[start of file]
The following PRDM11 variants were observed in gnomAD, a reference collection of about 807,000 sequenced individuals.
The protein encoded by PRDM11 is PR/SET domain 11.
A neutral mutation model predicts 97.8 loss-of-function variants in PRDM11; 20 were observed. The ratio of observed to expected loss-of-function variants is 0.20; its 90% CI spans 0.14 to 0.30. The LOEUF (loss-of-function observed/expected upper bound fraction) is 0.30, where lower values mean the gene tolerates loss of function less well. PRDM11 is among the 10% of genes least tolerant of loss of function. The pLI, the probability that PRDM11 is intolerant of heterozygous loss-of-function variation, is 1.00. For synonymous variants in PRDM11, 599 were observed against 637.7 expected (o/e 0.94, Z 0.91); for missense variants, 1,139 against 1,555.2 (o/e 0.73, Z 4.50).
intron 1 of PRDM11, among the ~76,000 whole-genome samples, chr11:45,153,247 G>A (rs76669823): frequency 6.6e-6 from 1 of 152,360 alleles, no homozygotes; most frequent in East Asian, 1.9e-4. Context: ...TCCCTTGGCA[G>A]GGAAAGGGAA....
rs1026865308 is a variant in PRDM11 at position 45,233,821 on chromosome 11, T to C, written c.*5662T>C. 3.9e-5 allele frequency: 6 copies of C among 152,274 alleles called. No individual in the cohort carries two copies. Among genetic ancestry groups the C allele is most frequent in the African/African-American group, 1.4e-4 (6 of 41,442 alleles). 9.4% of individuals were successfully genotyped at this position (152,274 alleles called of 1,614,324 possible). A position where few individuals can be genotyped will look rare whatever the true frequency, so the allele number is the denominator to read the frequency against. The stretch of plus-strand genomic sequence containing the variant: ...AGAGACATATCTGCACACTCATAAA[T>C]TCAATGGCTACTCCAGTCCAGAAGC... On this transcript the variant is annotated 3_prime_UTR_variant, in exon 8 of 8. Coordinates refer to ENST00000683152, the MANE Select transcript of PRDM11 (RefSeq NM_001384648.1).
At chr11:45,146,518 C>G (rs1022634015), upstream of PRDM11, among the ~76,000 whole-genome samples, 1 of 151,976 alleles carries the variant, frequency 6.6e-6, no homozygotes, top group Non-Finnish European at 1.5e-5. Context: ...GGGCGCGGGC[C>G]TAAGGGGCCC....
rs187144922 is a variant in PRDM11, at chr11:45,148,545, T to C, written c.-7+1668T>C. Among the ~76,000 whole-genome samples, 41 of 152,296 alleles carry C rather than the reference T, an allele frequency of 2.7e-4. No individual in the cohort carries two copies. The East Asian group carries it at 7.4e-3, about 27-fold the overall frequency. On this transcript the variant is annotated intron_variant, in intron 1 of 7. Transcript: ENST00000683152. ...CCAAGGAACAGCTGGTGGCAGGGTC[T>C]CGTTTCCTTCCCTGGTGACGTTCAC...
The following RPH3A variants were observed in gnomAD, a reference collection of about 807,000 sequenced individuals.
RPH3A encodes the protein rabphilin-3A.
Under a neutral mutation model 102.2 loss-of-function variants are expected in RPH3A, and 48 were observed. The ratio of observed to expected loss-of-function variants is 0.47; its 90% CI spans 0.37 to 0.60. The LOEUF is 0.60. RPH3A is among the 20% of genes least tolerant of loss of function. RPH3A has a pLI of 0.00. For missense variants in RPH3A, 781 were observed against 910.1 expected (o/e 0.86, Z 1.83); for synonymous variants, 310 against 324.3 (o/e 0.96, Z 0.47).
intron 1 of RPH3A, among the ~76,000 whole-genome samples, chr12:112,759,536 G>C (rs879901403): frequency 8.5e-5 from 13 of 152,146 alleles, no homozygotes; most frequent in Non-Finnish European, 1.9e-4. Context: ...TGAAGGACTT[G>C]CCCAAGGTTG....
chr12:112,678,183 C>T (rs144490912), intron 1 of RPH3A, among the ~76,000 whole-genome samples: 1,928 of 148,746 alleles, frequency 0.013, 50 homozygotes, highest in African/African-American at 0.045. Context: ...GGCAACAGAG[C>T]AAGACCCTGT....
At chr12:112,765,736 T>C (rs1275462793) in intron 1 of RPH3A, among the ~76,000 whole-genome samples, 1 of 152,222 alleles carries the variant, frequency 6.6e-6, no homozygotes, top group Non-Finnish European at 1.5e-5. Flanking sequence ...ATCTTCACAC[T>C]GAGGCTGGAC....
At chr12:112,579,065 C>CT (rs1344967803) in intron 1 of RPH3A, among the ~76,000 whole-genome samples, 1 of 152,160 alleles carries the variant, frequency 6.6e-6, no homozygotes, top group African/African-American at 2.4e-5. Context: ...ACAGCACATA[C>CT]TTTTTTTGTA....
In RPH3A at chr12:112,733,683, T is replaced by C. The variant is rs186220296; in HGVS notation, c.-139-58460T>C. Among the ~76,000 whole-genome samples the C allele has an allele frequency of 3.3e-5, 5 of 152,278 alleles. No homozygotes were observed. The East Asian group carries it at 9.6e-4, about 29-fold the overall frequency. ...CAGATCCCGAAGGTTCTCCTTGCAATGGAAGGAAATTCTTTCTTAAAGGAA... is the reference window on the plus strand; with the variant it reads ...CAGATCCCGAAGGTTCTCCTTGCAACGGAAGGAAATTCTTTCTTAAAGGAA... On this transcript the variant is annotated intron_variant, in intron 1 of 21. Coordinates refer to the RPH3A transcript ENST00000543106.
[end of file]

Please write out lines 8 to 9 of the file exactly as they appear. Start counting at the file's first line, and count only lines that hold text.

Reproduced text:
The following RPH3A variants were observed in gnomAD, a reference collection of about 807,000 sequenced individuals.
RPH3A encodes the protein rabphilin-3A.